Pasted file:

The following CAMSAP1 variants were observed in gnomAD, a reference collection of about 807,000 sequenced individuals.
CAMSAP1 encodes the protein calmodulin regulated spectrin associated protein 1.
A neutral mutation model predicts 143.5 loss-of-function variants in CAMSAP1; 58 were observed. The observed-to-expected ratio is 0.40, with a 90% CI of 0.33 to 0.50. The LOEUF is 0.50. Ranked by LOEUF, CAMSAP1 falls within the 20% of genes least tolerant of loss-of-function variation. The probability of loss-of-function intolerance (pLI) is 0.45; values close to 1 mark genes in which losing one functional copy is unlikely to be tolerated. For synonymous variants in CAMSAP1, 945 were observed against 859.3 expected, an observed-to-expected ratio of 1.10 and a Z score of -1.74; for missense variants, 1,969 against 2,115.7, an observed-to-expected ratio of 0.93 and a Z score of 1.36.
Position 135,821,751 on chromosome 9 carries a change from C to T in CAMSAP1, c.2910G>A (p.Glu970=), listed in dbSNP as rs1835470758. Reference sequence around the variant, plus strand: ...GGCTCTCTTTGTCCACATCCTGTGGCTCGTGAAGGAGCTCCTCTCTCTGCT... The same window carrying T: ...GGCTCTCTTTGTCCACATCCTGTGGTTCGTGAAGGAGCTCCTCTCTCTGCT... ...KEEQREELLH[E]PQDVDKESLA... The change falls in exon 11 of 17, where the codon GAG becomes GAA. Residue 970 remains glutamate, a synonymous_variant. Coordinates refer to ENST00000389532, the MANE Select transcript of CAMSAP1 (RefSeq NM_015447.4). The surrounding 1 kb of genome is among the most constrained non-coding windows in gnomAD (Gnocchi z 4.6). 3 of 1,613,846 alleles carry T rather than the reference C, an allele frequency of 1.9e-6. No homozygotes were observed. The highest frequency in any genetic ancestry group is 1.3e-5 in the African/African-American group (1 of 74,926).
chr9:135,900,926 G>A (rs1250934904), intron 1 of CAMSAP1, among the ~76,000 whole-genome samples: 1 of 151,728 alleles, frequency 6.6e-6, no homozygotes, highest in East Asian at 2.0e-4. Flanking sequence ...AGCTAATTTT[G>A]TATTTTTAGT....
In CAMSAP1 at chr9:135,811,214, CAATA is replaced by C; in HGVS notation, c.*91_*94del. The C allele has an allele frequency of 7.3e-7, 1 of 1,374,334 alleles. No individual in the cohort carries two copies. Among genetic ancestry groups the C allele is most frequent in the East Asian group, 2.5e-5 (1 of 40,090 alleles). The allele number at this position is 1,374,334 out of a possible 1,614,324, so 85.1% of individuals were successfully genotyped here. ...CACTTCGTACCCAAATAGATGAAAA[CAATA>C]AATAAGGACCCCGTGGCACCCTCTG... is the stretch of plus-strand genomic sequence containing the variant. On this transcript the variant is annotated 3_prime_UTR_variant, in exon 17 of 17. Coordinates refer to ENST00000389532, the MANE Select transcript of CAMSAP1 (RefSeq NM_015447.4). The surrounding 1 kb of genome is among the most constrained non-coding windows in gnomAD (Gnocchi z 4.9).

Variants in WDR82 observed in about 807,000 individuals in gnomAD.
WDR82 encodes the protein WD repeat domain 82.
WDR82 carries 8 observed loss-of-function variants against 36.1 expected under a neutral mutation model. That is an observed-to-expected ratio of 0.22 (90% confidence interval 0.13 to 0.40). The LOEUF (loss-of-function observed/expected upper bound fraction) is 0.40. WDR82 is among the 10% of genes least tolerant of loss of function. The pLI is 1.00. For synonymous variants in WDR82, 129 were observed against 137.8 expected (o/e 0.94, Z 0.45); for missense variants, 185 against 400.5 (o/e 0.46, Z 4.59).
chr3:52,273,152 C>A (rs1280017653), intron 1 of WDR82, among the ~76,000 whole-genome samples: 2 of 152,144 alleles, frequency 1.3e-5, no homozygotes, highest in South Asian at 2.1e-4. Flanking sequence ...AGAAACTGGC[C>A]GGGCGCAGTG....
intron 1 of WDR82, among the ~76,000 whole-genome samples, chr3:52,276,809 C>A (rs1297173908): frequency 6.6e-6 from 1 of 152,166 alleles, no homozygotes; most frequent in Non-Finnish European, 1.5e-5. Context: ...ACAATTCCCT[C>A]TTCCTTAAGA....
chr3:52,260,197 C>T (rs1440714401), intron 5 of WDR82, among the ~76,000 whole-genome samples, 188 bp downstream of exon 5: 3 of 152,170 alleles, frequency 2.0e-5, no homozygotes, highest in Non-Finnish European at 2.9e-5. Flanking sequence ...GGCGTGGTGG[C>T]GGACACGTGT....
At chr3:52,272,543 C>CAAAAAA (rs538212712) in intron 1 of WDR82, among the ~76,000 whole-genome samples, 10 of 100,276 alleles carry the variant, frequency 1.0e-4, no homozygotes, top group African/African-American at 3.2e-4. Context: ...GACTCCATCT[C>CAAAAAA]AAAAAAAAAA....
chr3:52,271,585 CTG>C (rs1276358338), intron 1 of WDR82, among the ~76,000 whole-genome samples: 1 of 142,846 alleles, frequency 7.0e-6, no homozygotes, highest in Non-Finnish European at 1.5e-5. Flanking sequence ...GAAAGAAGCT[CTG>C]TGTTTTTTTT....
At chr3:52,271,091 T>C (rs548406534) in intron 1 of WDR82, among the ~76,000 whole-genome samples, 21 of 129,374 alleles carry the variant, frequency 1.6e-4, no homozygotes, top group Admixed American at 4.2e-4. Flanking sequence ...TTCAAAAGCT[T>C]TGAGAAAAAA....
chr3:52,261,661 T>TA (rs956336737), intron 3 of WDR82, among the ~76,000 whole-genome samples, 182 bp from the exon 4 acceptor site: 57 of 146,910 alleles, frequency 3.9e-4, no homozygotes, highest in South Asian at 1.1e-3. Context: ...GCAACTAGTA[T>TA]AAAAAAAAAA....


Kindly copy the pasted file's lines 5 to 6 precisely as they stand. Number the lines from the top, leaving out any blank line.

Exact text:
chr9:135,900,926 G>A (rs1250934904), intron 1 of CAMSAP1, among the ~76,000 whole-genome samples: 1 of 151,728 alleles, frequency 6.6e-6, no homozygotes, highest in East Asian at 2.0e-4. Flanking sequence ...AGCTAATTTT[G>A]TATTTTTAGT....
In CAMSAP1 at chr9:135,811,214, CAATA is replaced by C; in HGVS notation, c.*91_*94del. The C allele has an allele frequency of 7.3e-7, 1 of 1,374,334 alleles. No individual in the cohort carries two copies. Among genetic ancestry groups the C allele is most frequent in the East Asian group, 2.5e-5 (1 of 40,090 alleles). The allele number at this position is 1,374,334 out of a possible 1,614,324, so 85.1% of individuals were successfully genotyped here. ...CACTTCGTACCCAAATAGATGAAAA[CAATA>C]AATAAGGACCCCGTGGCACCCTCTG... is the stretch of plus-strand genomic sequence containing the variant. On this transcript the variant is annotated 3_prime_UTR_variant, in exon 17 of 17. Coordinates refer to ENST00000389532, the MANE Select transcript of CAMSAP1 (RefSeq NM_015447.4). The surrounding 1 kb of genome is among the most constrained non-coding windows in gnomAD (Gnocchi z 4.9).